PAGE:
Sunday, October 17, 2010

Slipping Into Character

Saturday night's Slaying Solomon episode spurred a bit of post-game conversation. After the wonderful character driven role-playing, we all started to discuss how easy it was to play these characters. Playing this game since 2003 or so, we all can slip into character at the drop of a hat. And what really amazes me is the quality of banter that results. I don't normally consider myself especially witty. I remember being the kind of kid who always thought of the perfect comeback hours after the fact, if I thought of it at all. But playing Slaying Solomon, I sometimes feel like I have I have a team of script writers. 

I think there are a couple of things at work here. First and most obviously, our group has a comfortable sort of camaraderie that makes it easy for us to put it all out there. But there's more to it than that. Thanks to a miraculous alignment of stars, we all have characters with strong and interesting personalities and with equally interesting flaws and quirks. That doesn't always happen. In fact, it seems to be a bit rare. In Knights of the Astral Sea (my other campaign that I'm running right now), we don't seem to have that same character magic*, even though we've had some brilliant sessions. And looking back at games that I've played, I can count on one hand the number of times I've had a character who was as easy to play as Erik Sorensen (my Slaying Solomon character when I'm not directing). 

Another thing that fascinates me about these stand-out characters is the ease with which I can summon social skills or personality traits that are far removed from my usual self. I'm specifically thinking of one particular character who was more take-charge, take-no-prisoners, make-them-flee-in-terror thna I could have hope to be. That I'd ever want to be. Where does that come from?

And one more weird thing... these special characters that are so easy to role play are not limited to the ones I bring to the table for long-term play. I've had a few one-shot convention games where I achieved that degree of character immersion that is so often lacking in longer term games. Why is that? Is it because a particular social dynamic at work? Feeding off the energy of a great group of people that you don't normally play with? Or is it because one-shot characters are often caricatures with exaggerated personality traits?  Perhaps that is a useful lesson to remember the next time I create a character for a game.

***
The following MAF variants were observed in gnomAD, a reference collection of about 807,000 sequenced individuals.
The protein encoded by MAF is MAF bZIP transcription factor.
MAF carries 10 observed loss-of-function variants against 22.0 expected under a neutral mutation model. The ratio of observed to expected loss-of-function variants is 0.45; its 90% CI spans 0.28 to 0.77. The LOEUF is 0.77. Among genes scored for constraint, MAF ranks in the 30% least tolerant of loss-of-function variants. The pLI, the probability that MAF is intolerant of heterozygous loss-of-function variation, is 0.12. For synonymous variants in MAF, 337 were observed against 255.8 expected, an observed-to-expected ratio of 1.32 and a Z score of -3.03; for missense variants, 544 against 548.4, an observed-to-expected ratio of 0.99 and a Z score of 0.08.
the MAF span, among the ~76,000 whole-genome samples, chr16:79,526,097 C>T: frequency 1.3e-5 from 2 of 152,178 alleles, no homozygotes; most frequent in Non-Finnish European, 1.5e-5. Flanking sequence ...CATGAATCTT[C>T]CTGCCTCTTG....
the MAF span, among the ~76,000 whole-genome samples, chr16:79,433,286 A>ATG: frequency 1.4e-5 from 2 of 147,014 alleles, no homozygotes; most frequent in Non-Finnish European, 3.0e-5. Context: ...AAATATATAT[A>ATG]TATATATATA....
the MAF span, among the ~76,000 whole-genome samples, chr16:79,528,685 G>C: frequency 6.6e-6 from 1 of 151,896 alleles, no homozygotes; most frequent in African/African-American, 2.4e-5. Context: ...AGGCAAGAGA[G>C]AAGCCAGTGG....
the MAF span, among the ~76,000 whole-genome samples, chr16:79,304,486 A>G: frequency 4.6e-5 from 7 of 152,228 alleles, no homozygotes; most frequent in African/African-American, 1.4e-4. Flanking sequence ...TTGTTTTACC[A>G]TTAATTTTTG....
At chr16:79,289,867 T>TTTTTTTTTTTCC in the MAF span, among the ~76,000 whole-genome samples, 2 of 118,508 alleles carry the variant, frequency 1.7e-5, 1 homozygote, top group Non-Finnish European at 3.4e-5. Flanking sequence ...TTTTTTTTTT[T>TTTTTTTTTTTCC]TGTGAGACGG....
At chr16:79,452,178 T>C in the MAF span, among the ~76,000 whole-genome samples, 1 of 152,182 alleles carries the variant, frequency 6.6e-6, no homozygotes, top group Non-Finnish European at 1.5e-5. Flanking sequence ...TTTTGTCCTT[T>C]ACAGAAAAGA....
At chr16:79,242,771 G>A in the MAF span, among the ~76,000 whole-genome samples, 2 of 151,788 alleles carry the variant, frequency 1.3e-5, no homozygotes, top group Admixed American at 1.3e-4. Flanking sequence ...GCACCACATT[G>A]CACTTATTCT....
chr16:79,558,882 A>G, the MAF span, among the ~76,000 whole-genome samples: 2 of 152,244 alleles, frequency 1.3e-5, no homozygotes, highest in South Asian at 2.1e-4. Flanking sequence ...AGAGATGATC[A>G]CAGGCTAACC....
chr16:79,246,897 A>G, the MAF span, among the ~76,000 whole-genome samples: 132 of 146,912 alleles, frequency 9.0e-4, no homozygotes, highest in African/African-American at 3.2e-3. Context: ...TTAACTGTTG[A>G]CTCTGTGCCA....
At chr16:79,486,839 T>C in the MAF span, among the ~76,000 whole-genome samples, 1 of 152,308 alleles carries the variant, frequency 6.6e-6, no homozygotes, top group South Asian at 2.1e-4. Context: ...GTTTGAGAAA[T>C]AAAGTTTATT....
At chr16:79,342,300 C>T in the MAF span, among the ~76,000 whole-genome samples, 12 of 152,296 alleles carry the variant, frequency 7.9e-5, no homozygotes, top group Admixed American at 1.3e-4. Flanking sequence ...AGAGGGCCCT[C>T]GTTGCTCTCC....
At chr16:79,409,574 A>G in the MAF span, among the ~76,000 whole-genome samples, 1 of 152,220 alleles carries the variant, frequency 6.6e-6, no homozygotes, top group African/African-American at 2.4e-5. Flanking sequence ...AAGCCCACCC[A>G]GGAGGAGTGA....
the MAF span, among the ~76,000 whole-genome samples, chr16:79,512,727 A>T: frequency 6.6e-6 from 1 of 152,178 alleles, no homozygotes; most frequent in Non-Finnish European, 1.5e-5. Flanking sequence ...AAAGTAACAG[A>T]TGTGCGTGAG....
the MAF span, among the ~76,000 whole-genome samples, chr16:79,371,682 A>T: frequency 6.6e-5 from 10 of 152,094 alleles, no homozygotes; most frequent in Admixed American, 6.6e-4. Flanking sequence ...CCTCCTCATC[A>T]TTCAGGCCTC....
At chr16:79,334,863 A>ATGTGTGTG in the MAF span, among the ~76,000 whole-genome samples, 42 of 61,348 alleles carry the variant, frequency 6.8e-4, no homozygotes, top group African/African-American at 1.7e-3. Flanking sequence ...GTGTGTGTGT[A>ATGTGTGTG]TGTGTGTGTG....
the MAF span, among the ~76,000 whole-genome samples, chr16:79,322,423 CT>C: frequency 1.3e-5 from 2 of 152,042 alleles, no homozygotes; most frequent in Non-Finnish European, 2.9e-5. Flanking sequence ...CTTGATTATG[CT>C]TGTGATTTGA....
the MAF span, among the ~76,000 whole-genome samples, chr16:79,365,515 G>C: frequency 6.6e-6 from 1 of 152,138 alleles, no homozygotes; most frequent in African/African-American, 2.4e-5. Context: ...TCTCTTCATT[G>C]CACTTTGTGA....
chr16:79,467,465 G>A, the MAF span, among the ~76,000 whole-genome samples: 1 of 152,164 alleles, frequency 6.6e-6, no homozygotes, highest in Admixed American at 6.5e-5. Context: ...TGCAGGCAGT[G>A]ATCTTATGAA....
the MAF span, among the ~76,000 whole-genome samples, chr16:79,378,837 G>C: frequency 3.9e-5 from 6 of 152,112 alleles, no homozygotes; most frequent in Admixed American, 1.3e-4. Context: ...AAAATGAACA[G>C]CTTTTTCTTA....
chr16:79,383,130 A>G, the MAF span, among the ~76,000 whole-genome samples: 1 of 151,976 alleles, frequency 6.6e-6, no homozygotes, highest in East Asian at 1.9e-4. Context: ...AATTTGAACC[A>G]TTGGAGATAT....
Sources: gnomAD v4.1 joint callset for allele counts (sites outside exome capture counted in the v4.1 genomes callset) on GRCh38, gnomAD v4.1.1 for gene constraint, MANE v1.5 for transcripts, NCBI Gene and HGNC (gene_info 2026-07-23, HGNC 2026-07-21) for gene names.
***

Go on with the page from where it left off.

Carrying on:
* Well, except for possibly Genevieve

7 comments:

Ms. Frost said...

John, you have the personality for it now. I think it's time that you learn how to really cast spells.

Trey said...

I think there's some element of broadly drawn characters being easier to "get into" than more subtle ones, though I think that's difficult to sustain over long campaigns.

m.s. jackson said...

I think this is an example of a group of players just really clicking well together. I remember long ago when I had my high school group that played for years together, didn't matter the game or the character, we just meshed well that it worked.
Something I find hard to replicate now that I am older.

gamer-geek said...

To paraphrase The Tick,
"Tim, there was no magic hubcap. The power was within you all along."

Also, Ms. Frost for the Chick Tract Win!

James D said...

Tim, thanks! :)

Having played in three of your games, I've got a thought about this.

There's one big difference between Knights and Slaying Solomon (or Velvet Edge - I'd say that we had a lot of great sessions and character immersion in that game, too) - In Solomon (and Velvet Edge), all our characters started out as pretty undeveloped, power-wise, and party-role-wise (I do think that applies to Solomon, despite the Slayer/Wathcer/Scooby dynamic). So we all grew into our powers and made our own roles in the game world together, in the course of the game.

In Knights, all the characters already have powers (or the equivalent), and well-defined roles to a much greater extent. And due to the nature of the campaign (travelling quest over many worlds) there's much less scope for the kind of character development, bulding of relationships, NPCs, etc. that Velvet Edge and Solomon both encouraged/required.

Just a thought...

Christian said...

Love it. Sounds like you and your group have a really good thing going. :)

Risus Monkey said...

@Ms. Frost: I thought that was a Mazes & Monsters reference until I clicked through. ROTFL!

@Trey: I think (and this is just a theory) that characters that start out broadly drawn are easier to settle into and can easily develop more complexity through play. Then again, that's not always the case. Two of my favorite PCs were layered with detail almost from the beginning... though they did have some play-by-email background establishment to help me find my voice.

@Matt: You're mostly playing online these day, right? I find it bit more difficult to get into character that way, though I had some luck with a short-lived D&D/western game was running via google chat a while back. And my play-by-post Lankhmar Mythic game allowed me to get into my character's head as well, though it wasn't quite the instant gratification of real-time play.

@gamer-geek: :P

@James: That's a good point about growing into a character's full power. I think there is something to that. It's not a hard-and-fast rule, though. Belphoebe had her full power from the get-go and I still am amazed at how easily I can play her. I have zero power in the Dr. Who game and I'm still having difficulty with my character.

@Christian: We do. I have an awesome group. I just a wish we had an extra player or two to help us through the scheduling difficulties.